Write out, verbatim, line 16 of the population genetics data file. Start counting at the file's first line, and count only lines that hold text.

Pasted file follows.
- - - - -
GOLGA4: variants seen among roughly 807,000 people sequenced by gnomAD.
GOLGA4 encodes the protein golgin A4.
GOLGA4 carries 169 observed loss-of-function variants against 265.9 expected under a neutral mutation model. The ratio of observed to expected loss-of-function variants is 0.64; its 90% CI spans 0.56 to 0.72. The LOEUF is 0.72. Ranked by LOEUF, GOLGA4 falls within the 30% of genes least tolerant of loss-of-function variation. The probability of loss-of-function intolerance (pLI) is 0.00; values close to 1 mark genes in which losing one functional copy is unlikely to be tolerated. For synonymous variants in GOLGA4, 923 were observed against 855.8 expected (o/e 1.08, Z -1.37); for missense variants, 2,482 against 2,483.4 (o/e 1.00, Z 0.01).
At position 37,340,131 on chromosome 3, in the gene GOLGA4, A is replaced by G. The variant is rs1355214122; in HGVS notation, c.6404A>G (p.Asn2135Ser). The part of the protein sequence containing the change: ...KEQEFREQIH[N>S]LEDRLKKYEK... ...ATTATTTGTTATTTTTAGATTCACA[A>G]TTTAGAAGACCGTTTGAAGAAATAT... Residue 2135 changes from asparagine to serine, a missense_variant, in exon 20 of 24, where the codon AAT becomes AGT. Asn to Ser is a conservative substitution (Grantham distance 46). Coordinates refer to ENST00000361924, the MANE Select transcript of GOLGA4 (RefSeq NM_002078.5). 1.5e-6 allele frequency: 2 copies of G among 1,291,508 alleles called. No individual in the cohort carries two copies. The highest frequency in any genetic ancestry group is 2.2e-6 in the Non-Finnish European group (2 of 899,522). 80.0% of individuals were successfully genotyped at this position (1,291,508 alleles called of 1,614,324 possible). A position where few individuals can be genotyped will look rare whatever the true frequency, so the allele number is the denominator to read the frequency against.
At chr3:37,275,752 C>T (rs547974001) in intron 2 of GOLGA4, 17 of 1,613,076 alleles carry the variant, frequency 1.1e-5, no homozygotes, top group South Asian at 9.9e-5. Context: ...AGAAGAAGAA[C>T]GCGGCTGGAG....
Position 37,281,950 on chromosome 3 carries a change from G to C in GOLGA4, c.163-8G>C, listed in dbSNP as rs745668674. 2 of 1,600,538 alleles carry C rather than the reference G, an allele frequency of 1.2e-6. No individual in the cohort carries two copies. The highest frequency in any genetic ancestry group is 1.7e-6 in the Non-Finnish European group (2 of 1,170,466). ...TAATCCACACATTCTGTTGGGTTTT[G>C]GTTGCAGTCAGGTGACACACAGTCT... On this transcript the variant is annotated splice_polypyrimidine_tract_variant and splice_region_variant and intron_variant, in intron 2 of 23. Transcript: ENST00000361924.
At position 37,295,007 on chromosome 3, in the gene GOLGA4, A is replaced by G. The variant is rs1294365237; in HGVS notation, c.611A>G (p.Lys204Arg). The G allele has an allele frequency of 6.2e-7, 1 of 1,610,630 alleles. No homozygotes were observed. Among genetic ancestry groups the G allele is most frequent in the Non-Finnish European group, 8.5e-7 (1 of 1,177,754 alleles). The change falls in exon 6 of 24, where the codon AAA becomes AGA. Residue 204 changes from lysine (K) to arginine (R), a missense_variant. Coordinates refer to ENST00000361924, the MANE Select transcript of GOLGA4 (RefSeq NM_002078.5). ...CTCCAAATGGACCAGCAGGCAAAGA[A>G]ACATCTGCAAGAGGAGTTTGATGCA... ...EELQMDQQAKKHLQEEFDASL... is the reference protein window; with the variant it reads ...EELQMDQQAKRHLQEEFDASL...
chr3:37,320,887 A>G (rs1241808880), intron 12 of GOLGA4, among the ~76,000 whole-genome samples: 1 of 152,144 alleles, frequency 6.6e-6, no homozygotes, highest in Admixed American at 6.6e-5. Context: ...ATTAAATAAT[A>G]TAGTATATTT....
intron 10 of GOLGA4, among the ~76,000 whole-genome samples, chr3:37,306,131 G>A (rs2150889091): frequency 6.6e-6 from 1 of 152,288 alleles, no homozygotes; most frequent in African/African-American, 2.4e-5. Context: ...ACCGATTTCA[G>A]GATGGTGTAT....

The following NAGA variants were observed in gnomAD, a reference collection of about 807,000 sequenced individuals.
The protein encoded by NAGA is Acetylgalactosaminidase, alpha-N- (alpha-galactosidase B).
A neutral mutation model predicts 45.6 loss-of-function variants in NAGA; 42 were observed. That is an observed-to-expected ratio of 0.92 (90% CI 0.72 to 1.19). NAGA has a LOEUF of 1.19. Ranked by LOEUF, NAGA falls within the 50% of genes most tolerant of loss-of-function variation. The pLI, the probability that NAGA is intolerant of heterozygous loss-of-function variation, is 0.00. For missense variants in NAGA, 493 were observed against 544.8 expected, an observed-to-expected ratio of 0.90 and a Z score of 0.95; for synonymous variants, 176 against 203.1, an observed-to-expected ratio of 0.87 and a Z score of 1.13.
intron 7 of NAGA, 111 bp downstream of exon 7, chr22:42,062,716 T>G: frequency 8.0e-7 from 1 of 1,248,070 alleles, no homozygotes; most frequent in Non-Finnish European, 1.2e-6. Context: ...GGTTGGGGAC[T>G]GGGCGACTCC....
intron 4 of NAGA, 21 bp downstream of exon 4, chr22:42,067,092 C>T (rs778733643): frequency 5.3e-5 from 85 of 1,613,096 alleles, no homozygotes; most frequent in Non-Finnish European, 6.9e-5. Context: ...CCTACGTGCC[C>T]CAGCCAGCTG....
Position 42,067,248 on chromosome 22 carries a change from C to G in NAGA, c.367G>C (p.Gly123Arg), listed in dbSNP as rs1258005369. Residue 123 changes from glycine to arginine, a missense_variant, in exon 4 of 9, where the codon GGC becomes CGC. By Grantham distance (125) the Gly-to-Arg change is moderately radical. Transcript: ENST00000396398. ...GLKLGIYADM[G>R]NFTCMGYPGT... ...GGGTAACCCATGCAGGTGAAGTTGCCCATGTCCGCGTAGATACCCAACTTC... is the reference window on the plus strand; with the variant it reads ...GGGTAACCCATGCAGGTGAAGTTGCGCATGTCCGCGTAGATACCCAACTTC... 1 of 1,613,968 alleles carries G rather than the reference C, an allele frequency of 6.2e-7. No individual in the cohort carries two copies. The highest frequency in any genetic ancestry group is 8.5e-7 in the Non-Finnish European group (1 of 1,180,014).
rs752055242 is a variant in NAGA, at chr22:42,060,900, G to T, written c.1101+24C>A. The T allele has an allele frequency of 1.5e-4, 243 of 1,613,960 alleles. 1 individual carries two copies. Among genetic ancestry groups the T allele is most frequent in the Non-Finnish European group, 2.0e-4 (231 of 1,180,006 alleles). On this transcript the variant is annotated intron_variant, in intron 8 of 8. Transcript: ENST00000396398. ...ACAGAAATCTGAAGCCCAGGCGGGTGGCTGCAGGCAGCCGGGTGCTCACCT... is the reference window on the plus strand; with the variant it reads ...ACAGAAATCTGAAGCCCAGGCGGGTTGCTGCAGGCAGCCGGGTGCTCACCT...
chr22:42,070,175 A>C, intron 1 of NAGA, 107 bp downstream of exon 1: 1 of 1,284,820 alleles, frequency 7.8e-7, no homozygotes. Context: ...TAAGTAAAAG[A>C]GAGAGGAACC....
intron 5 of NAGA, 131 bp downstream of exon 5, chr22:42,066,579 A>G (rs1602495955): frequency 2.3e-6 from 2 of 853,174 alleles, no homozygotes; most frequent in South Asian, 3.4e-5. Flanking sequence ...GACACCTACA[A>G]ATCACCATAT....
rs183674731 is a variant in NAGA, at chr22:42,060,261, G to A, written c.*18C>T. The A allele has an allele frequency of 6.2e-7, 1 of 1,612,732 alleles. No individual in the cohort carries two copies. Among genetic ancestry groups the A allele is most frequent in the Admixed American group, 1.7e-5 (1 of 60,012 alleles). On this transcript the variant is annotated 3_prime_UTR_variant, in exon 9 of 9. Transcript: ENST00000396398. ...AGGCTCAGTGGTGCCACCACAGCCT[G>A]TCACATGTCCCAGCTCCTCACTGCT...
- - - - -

rs752055242 is a variant in NAGA, at chr22:42,060,900, G to T, written c.1101+24C>A. The T allele has an allele frequency of 1.5e-4, 243 of 1,613,960 alleles. 1 individual carries two copies. Among genetic ancestry groups the T allele is most frequent in the Non-Finnish European group, 2.0e-4 (231 of 1,180,006 alleles). On this transcript the variant is annotated intron_variant, in intron 8 of 8. Transcript: ENST00000396398. ...ACAGAAATCTGAAGCCCAGGCGGGTGGCTGCAGGCAGCCGGGTGCTCACCT... is the reference window on the plus strand; with the variant it reads ...ACAGAAATCTGAAGCCCAGGCGGGTTGCTGCAGGCAGCCGGGTGCTCACCT...